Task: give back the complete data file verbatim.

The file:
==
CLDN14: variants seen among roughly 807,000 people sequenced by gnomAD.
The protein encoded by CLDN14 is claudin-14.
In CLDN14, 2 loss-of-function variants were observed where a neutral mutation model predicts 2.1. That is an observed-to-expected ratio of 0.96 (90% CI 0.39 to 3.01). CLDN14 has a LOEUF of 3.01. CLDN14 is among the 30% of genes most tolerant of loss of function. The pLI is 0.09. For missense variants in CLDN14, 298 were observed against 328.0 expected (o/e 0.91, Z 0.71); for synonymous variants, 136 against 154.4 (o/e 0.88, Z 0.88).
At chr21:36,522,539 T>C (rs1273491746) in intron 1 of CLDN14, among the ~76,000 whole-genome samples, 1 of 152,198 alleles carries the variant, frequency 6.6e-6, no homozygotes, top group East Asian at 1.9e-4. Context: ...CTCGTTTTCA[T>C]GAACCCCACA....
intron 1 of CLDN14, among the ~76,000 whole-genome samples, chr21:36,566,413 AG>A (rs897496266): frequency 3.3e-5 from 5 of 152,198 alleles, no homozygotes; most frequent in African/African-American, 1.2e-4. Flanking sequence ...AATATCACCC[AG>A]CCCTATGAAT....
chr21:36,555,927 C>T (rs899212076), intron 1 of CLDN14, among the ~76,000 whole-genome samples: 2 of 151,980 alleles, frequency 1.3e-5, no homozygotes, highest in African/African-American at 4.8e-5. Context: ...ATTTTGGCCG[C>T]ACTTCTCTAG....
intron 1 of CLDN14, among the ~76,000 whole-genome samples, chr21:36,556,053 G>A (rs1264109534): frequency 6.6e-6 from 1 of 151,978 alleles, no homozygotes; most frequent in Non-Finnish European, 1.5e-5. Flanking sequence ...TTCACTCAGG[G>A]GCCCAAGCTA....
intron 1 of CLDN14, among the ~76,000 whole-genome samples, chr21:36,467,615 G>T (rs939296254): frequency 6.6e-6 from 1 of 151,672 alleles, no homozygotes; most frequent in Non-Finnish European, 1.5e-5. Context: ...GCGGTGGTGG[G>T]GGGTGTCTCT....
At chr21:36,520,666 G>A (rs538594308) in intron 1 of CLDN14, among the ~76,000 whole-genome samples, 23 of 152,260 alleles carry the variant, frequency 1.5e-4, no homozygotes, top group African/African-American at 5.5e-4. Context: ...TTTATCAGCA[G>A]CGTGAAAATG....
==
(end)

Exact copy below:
CLDN14: variants seen among roughly 807,000 people sequenced by gnomAD.
The protein encoded by CLDN14 is claudin-14.
In CLDN14, 2 loss-of-function variants were observed where a neutral mutation model predicts 2.1. That is an observed-to-expected ratio of 0.96 (90% CI 0.39 to 3.01). CLDN14 has a LOEUF of 3.01. CLDN14 is among the 30% of genes most tolerant of loss of function. The pLI is 0.09. For missense variants in CLDN14, 298 were observed against 328.0 expected (o/e 0.91, Z 0.71); for synonymous variants, 136 against 154.4 (o/e 0.88, Z 0.88).
At chr21:36,522,539 T>C (rs1273491746) in intron 1 of CLDN14, among the ~76,000 whole-genome samples, 1 of 152,198 alleles carries the variant, frequency 6.6e-6, no homozygotes, top group East Asian at 1.9e-4. Context: ...CTCGTTTTCA[T>C]GAACCCCACA....
intron 1 of CLDN14, among the ~76,000 whole-genome samples, chr21:36,566,413 AG>A (rs897496266): frequency 3.3e-5 from 5 of 152,198 alleles, no homozygotes; most frequent in African/African-American, 1.2e-4. Flanking sequence ...AATATCACCC[AG>A]CCCTATGAAT....
chr21:36,555,927 C>T (rs899212076), intron 1 of CLDN14, among the ~76,000 whole-genome samples: 2 of 151,980 alleles, frequency 1.3e-5, no homozygotes, highest in African/African-American at 4.8e-5. Context: ...ATTTTGGCCG[C>T]ACTTCTCTAG....
intron 1 of CLDN14, among the ~76,000 whole-genome samples, chr21:36,556,053 G>A (rs1264109534): frequency 6.6e-6 from 1 of 151,978 alleles, no homozygotes; most frequent in Non-Finnish European, 1.5e-5. Flanking sequence ...TTCACTCAGG[G>A]GCCCAAGCTA....
intron 1 of CLDN14, among the ~76,000 whole-genome samples, chr21:36,467,615 G>T (rs939296254): frequency 6.6e-6 from 1 of 151,672 alleles, no homozygotes; most frequent in Non-Finnish European, 1.5e-5. Context: ...GCGGTGGTGG[G>T]GGGTGTCTCT....
At chr21:36,520,666 G>A (rs538594308) in intron 1 of CLDN14, among the ~76,000 whole-genome samples, 23 of 152,260 alleles carry the variant, frequency 1.5e-4, no homozygotes, top group African/African-American at 5.5e-4. Context: ...TTTATCAGCA[G>A]CGTGAAAATG....